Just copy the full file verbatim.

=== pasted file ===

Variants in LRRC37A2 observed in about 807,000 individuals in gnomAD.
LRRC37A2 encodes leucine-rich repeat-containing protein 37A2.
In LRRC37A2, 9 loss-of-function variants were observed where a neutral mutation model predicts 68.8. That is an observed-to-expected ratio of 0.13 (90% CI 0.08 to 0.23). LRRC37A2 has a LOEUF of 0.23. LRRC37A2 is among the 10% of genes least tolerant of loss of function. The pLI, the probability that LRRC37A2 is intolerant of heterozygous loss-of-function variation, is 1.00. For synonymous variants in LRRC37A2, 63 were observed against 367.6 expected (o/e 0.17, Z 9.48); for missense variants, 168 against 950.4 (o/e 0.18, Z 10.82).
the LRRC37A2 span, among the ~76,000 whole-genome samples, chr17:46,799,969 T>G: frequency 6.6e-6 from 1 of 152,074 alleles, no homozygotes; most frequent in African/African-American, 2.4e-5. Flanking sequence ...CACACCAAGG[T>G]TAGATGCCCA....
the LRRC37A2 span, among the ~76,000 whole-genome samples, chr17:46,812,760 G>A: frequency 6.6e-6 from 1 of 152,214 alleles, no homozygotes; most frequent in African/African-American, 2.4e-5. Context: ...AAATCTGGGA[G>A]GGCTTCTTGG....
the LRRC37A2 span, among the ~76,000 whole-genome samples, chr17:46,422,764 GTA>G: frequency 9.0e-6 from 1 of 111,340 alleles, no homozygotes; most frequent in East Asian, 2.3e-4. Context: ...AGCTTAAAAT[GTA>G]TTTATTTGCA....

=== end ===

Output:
Variants in LRRC37A2 observed in about 807,000 individuals in gnomAD.
LRRC37A2 encodes leucine-rich repeat-containing protein 37A2.
In LRRC37A2, 9 loss-of-function variants were observed where a neutral mutation model predicts 68.8. That is an observed-to-expected ratio of 0.13 (90% CI 0.08 to 0.23). LRRC37A2 has a LOEUF of 0.23. LRRC37A2 is among the 10% of genes least tolerant of loss of function. The pLI, the probability that LRRC37A2 is intolerant of heterozygous loss-of-function variation, is 1.00. For synonymous variants in LRRC37A2, 63 were observed against 367.6 expected (o/e 0.17, Z 9.48); for missense variants, 168 against 950.4 (o/e 0.18, Z 10.82).
the LRRC37A2 span, among the ~76,000 whole-genome samples, chr17:46,799,969 T>G: frequency 6.6e-6 from 1 of 152,074 alleles, no homozygotes; most frequent in African/African-American, 2.4e-5. Flanking sequence ...CACACCAAGG[T>G]TAGATGCCCA....
the LRRC37A2 span, among the ~76,000 whole-genome samples, chr17:46,812,760 G>A: frequency 6.6e-6 from 1 of 152,214 alleles, no homozygotes; most frequent in African/African-American, 2.4e-5. Context: ...AAATCTGGGA[G>A]GGCTTCTTGG....
the LRRC37A2 span, among the ~76,000 whole-genome samples, chr17:46,422,764 GTA>G: frequency 9.0e-6 from 1 of 111,340 alleles, no homozygotes; most frequent in East Asian, 2.3e-4. Context: ...AGCTTAAAAT[GTA>G]TTTATTTGCA....